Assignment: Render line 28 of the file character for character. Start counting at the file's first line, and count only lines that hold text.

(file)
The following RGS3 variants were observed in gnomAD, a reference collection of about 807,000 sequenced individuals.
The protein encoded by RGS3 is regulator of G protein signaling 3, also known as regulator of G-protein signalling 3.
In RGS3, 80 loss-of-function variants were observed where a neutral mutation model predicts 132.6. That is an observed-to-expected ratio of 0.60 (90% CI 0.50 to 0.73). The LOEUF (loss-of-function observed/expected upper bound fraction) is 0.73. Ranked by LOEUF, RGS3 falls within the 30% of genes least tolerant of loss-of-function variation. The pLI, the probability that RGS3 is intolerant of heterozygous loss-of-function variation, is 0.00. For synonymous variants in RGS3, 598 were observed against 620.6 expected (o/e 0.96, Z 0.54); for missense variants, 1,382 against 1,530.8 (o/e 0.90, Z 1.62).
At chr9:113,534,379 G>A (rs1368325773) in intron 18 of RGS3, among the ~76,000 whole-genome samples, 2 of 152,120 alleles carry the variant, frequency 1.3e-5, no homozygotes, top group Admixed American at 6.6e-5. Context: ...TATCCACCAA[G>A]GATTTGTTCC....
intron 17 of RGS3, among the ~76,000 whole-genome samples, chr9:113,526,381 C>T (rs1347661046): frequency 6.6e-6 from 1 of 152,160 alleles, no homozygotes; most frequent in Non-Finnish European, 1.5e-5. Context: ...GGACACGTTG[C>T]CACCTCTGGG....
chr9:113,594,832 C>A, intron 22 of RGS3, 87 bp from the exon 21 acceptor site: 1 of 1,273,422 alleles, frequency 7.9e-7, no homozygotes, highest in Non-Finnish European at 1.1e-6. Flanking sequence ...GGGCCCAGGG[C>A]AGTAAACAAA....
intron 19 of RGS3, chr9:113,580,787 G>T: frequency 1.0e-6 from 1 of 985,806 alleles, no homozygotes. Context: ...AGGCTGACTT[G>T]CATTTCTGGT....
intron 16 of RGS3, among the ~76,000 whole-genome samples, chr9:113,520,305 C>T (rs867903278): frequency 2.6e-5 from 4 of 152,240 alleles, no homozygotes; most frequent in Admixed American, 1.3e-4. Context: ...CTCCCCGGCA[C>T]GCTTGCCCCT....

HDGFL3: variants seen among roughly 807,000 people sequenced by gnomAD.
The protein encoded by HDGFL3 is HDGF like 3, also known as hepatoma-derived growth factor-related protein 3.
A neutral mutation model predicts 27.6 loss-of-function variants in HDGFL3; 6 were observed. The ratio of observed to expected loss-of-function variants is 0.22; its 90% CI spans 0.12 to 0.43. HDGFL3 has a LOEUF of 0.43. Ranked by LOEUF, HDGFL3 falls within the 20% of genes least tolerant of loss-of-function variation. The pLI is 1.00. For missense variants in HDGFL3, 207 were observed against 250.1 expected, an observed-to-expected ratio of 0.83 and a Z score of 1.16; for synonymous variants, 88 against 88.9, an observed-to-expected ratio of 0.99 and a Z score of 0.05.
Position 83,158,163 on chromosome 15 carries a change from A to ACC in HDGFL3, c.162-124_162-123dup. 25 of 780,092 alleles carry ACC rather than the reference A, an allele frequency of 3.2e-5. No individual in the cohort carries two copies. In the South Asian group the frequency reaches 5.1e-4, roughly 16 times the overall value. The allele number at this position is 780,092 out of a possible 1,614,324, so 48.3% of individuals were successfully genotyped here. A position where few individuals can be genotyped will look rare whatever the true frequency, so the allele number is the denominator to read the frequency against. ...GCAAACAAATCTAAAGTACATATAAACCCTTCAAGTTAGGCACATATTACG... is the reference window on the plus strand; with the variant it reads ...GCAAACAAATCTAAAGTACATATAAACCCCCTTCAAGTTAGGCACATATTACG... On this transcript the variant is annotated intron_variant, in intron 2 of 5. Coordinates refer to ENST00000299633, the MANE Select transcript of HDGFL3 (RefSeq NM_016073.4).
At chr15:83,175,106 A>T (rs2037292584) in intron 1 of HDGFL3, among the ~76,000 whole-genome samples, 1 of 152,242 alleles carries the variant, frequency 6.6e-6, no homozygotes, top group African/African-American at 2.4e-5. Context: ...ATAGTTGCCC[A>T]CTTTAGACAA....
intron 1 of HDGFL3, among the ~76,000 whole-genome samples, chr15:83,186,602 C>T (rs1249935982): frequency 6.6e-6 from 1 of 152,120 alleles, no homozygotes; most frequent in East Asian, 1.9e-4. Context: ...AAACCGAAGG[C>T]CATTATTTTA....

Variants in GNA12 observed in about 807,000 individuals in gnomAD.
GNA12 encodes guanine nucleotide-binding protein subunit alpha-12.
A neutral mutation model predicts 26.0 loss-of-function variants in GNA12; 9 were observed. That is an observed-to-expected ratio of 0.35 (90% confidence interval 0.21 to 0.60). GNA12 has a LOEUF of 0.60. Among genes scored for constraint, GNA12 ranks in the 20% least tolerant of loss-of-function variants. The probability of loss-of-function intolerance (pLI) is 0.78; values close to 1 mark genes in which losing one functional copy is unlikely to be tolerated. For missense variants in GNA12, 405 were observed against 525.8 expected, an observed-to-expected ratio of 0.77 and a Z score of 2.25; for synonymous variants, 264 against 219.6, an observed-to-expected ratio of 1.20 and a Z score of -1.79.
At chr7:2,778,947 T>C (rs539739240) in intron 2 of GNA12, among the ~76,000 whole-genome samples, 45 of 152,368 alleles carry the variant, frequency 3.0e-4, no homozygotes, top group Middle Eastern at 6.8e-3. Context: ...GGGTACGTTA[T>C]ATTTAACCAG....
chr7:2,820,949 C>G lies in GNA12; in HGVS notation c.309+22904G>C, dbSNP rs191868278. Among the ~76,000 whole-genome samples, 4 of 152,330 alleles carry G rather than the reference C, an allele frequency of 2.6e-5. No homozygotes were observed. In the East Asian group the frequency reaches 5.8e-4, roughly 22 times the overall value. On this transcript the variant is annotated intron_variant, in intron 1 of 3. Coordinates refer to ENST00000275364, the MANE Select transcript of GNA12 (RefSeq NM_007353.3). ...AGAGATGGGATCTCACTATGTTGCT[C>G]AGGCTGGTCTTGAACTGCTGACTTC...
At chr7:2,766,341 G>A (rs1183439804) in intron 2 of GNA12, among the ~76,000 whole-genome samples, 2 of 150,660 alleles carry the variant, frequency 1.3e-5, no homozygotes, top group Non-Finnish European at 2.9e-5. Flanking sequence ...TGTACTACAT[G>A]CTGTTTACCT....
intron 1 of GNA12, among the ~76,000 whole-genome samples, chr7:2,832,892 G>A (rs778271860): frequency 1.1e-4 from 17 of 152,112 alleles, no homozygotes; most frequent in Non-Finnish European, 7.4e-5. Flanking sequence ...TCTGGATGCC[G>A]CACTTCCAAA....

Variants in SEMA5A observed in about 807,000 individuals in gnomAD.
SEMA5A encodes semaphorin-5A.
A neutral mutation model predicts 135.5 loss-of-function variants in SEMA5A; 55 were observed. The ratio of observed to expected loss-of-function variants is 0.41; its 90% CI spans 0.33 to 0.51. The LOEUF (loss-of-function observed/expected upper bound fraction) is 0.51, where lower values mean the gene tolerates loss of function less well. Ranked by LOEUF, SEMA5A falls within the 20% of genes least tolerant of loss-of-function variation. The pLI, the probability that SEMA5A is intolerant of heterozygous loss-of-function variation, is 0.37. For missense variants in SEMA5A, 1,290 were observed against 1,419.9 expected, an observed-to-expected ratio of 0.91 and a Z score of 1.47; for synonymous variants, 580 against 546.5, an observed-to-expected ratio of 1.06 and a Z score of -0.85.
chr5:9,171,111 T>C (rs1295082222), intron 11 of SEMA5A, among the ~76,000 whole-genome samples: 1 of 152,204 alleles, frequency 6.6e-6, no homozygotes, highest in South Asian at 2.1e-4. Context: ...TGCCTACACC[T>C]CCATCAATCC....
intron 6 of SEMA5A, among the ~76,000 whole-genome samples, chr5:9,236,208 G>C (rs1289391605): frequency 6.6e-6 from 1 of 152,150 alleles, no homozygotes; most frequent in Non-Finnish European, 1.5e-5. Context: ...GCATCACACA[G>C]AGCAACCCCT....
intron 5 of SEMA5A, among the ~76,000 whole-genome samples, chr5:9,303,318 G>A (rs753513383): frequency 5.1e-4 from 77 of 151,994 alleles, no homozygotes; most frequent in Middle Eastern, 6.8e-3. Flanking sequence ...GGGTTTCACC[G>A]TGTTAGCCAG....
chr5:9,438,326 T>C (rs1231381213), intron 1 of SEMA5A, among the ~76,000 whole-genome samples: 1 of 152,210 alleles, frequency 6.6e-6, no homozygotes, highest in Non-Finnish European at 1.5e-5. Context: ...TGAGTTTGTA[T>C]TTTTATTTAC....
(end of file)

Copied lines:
chr5:9,438,326 T>C (rs1231381213), intron 1 of SEMA5A, among the ~76,000 whole-genome samples: 1 of 152,210 alleles, frequency 6.6e-6, no homozygotes, highest in Non-Finnish European at 1.5e-5. Context: ...TGAGTTTGTA[T>C]TTTTATTTAC....